But, hold on – the work’s not over quite yet. Now, it’s time to get as many eyeballs on your presentation as possible. Because without those eyeballs, the power of your presentation is severely limited. Just think of how many people in the world would love the opportunity to see it!

So, let’s talk about how you can go about sharing your epic presentation with an audience outside of those who you’ve presented to in person. Well first, grab ahold of the low-hanging fruit:  your social media channels. Which means Facebook, Twitter, Tumblr, SlideShare, LinkedIn, Pinterest, maybe even Reddit. Hopefully, you already have a substantial following on those channels – a following that’s interested in you and your presentation’s topic.

Also, prior to posting your deck on all those social media channels, make sure you’ve made it online-friendly. If you’ve sagely followed advice to create slides you can speak to, you’ll probably need to add more text to each slide to ensure that it makes sense as a standalone. And you might also want to cut out some slides here and there to keep it streamlined and quick to click through. Remember that an online audience is going to be an especially distracted one, so cut out anything fluffy or non-essential.

With any luck,  you’ll get a great response after exhausting those channels, and hopefully, your well-crafted call to action will be acted upon as you had designed.

From there, it’s time to get creative and start thinking outside the box about how you can maximize your presentation. Are there any upcoming speaking opportunities you could sign up for to present to a different audience? How about existing or potential clients who would appreciate seeing the presentation?

Maybe you have a strong lead who’d be impressed if you sent over a well-designed, engaging presentation that gave him or her a better look into your business? Schedule some time to brainstorm where this kind of potential lies. Don’t underestimate the power of your presentation; people love clicking through beautifully designed, interesting material, which is precisely what your presentation offers.

Lastly, keep in mind how resourceful SlideShare is in providing you a detailed level of feedback on your deck. It automatically captures all sorts of analytics, including number of downloads and embeds, total views, favorites and more. And when the viewer comes to the end of the deck, a lead capture form pops up, so your viewer has the opportunity to contact you for more information. Needless to say, SlideShare is the ideal place to learn who’s been looking at your presentation and who’s been particularly engaged by it.

The main takeaway here is to do whatever you can to get as many people as possible to look through your presentation. Don’t limit the number of people who see your presentation to just those in your audience, but rather, work to capitalize on the amount of work you’ve put into your presentation by sending it and posting it to as many people as possible.

The world wants to see what you have to say, so make sure you give them the chance.

About the Author:

Scott Schwertly is the CEO and founder of Ethos 3, a leading presentation design and training company. From big names like Guy Kawasaki to big companies like Google, Pepsico, and NBC Universal, Ethos 3 has been responsible for bringing the message home. For more information about the company’s services, visit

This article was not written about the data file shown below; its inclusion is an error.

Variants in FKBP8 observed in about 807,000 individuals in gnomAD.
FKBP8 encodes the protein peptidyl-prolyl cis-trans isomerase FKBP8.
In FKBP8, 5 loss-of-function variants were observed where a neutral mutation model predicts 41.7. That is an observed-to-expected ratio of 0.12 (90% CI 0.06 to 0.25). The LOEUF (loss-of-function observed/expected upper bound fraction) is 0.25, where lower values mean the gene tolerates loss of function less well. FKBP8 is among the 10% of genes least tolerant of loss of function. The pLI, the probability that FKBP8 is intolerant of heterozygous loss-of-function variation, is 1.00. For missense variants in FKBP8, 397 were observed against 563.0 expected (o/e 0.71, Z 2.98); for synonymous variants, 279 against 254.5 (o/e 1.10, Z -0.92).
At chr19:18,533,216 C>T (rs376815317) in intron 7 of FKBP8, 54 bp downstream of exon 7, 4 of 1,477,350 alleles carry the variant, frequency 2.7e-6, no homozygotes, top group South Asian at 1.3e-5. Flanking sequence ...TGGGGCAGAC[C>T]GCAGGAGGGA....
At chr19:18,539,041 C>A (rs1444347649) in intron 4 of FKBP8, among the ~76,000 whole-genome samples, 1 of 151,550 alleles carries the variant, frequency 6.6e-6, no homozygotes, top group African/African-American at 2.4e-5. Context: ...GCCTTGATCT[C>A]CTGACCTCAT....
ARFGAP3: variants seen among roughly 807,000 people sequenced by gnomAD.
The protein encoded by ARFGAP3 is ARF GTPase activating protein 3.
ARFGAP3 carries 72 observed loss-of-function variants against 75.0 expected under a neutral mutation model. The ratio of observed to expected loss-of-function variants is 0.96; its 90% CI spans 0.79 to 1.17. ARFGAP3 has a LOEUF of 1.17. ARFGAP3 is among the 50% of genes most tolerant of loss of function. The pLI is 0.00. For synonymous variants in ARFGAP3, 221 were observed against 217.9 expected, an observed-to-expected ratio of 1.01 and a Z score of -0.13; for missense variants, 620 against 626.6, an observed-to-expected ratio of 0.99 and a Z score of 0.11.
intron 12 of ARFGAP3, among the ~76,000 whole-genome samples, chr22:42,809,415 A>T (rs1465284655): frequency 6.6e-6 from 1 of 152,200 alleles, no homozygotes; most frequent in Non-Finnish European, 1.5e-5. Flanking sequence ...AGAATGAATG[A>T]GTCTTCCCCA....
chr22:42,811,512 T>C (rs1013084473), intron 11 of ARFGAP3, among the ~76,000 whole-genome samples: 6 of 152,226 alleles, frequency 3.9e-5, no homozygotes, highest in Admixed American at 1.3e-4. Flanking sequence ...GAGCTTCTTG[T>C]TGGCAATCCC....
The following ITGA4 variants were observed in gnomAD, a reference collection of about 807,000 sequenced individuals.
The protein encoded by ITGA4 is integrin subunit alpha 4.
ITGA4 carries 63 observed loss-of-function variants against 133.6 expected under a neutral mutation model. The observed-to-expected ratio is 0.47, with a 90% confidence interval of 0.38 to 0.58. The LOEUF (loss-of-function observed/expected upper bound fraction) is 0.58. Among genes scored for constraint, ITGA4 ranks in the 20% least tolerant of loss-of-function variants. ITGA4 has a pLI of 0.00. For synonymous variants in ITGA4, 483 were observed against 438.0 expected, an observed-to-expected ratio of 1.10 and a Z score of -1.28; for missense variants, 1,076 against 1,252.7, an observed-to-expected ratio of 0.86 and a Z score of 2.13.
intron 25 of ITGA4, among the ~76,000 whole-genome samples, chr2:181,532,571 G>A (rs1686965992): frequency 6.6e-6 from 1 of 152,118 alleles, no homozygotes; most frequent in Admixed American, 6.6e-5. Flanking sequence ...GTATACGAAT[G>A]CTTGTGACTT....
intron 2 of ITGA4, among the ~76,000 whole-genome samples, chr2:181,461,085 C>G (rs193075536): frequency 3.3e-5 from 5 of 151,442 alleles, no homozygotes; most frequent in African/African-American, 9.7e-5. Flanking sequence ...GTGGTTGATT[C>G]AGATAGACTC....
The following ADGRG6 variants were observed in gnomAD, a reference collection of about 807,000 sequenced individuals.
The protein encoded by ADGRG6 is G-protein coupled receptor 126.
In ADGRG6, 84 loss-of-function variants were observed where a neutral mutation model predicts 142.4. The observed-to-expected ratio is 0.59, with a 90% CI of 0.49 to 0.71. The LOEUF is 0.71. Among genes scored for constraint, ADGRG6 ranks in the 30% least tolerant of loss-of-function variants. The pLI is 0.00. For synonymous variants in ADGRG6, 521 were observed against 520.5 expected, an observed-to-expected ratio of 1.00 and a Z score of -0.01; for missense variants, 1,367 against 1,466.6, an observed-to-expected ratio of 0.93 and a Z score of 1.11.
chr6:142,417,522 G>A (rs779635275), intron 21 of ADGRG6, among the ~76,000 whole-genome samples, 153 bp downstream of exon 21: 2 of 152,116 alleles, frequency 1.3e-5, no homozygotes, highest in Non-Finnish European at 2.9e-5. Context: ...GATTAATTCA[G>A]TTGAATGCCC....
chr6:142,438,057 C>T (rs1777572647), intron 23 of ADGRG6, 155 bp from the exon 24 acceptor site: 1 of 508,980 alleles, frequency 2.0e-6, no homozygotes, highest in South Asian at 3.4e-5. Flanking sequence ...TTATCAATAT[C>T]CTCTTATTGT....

The Phenomenon of Attention

We no longer have four-year-olds in the house, so the most profound and egregious examples of limited attention span no longer occur on an hourly basis here. That said, I have spent the past three months examining and being fascinated by the impact that attention span has on our society and on the profession of presentation.

I started with our remote control. We were early adopters of digital video recording, having purchased one of the first 100 TiVo units ever made. (We still own it, and I just sold a car I kept for 19 years, but that’s another column about a different dysfunction.) Creating a better interface for television viewing is an artform and avoiding commercials a privilege.

This is why we hold in such low regard our current cable television provider. Comcast’s OnDemand offering is fine for being able to watch shows when we want, but everything else about it is horrible. There is only one speed of forward and rewind, the menu is completely linear with many layers of depth, and worst of all, shows from many major networks now stream with the fast-forward control disabled.

I was full of praise for companies that created commercials with DVR watchers in mind. Knowing that we would zip through them, they created lots of still images and persistent branding. I remember one Nike commercial that was nothing more than slow-moving montages of athletes and the swoosh. Even at 3x speed, you could glean the meaning.

But without any fast-forward controls, I get so angry at the constraints placed upon me, I now use the five-minute jump button and then rewind back to leapfrog over the entire commercial block.

Understanding Attention: Key to Presentation Success

Am I ingenuous for having outsmarted my cable provider or am I just pathetic? What does it say about me and my attention span that I cannot sit through a few lousy commercials? What does it say about you that you could probably relate to all of my television angst?

Let’s allow ourselves a few moments to commiserate, but then let’s acknowledge that we humans don’t want to be forced to do things. We don’t want to be told what we can or cannot watch, what is or is not important, and what we should or should not pay attention to.